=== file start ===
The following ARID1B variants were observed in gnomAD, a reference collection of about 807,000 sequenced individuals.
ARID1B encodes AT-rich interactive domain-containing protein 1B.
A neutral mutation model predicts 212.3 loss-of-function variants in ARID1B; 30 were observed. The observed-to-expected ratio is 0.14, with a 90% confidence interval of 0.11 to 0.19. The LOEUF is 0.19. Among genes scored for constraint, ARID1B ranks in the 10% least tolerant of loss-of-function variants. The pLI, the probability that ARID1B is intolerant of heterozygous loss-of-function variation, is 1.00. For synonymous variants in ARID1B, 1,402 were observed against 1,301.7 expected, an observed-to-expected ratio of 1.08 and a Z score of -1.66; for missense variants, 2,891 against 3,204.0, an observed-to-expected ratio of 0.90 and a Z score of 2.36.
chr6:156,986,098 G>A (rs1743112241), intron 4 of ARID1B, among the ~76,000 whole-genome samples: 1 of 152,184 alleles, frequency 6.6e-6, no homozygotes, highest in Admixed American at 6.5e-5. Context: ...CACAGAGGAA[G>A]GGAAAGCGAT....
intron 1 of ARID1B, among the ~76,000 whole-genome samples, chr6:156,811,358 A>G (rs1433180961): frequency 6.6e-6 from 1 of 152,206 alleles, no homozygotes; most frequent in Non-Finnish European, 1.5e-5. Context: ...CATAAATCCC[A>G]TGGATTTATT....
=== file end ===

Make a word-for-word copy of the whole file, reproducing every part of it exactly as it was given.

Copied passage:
The following ARID1B variants were observed in gnomAD, a reference collection of about 807,000 sequenced individuals.
ARID1B encodes AT-rich interactive domain-containing protein 1B.
A neutral mutation model predicts 212.3 loss-of-function variants in ARID1B; 30 were observed. The observed-to-expected ratio is 0.14, with a 90% confidence interval of 0.11 to 0.19. The LOEUF is 0.19. Among genes scored for constraint, ARID1B ranks in the 10% least tolerant of loss-of-function variants. The pLI, the probability that ARID1B is intolerant of heterozygous loss-of-function variation, is 1.00. For synonymous variants in ARID1B, 1,402 were observed against 1,301.7 expected, an observed-to-expected ratio of 1.08 and a Z score of -1.66; for missense variants, 2,891 against 3,204.0, an observed-to-expected ratio of 0.90 and a Z score of 2.36.
chr6:156,986,098 G>A (rs1743112241), intron 4 of ARID1B, among the ~76,000 whole-genome samples: 1 of 152,184 alleles, frequency 6.6e-6, no homozygotes, highest in Admixed American at 6.5e-5. Context: ...CACAGAGGAA[G>A]GGAAAGCGAT....
intron 1 of ARID1B, among the ~76,000 whole-genome samples, chr6:156,811,358 A>G (rs1433180961): frequency 6.6e-6 from 1 of 152,206 alleles, no homozygotes; most frequent in Non-Finnish European, 1.5e-5. Context: ...CATAAATCCC[A>G]TGGATTTATT....